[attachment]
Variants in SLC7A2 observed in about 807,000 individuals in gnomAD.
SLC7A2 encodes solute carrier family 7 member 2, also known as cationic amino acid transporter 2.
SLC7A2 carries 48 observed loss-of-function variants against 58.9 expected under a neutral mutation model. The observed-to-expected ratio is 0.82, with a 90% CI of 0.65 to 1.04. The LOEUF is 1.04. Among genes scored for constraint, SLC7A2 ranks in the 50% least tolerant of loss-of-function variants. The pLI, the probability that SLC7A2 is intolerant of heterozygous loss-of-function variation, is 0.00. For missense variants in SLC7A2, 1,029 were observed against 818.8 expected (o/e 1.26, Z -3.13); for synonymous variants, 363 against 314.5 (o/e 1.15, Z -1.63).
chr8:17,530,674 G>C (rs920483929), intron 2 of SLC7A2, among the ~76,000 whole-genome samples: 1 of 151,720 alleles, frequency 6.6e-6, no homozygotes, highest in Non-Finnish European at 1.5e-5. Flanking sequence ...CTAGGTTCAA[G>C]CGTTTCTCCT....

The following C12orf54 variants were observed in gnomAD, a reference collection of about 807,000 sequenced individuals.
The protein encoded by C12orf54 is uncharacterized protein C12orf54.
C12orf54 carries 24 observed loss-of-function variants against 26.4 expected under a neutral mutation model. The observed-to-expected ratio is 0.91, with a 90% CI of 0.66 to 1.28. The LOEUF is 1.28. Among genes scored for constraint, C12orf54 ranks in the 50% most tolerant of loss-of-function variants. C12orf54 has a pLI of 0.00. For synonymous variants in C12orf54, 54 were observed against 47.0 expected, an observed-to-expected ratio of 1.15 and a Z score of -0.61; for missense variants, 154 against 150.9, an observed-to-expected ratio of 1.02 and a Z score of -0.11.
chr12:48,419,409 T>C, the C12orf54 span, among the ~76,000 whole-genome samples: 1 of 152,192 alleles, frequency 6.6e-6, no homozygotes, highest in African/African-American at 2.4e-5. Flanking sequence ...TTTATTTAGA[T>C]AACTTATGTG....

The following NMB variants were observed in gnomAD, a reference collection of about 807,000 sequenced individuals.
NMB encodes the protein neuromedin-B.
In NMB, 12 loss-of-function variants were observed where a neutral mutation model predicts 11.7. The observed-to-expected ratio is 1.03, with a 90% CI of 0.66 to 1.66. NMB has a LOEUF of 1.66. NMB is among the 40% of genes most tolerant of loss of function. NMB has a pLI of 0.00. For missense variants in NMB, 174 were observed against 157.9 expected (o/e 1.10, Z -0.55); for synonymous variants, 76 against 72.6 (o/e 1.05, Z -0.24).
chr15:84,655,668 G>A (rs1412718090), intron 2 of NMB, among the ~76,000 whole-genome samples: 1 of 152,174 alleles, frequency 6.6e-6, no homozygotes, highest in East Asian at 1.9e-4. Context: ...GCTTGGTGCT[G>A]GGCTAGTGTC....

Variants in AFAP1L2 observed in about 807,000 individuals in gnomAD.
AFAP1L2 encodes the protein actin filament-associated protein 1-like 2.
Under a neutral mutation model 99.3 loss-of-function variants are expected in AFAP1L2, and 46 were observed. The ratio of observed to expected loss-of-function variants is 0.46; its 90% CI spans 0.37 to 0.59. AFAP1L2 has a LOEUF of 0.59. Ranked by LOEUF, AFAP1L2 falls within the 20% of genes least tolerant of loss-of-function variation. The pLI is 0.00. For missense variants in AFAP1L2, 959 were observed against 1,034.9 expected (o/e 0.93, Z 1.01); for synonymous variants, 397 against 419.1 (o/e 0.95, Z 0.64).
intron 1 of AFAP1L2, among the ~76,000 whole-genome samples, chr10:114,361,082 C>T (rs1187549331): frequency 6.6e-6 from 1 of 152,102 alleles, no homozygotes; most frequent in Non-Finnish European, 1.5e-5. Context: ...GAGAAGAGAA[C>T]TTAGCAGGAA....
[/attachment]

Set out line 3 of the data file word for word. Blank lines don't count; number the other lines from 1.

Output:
SLC7A2 carries 48 observed loss-of-function variants against 58.9 expected under a neutral mutation model. The observed-to-expected ratio is 0.82, with a 90% CI of 0.65 to 1.04. The LOEUF is 1.04. Among genes scored for constraint, SLC7A2 ranks in the 50% least tolerant of loss-of-function variants. The pLI, the probability that SLC7A2 is intolerant of heterozygous loss-of-function variation, is 0.00. For missense variants in SLC7A2, 1,029 were observed against 818.8 expected (o/e 1.26, Z -3.13); for synonymous variants, 363 against 314.5 (o/e 1.15, Z -1.63).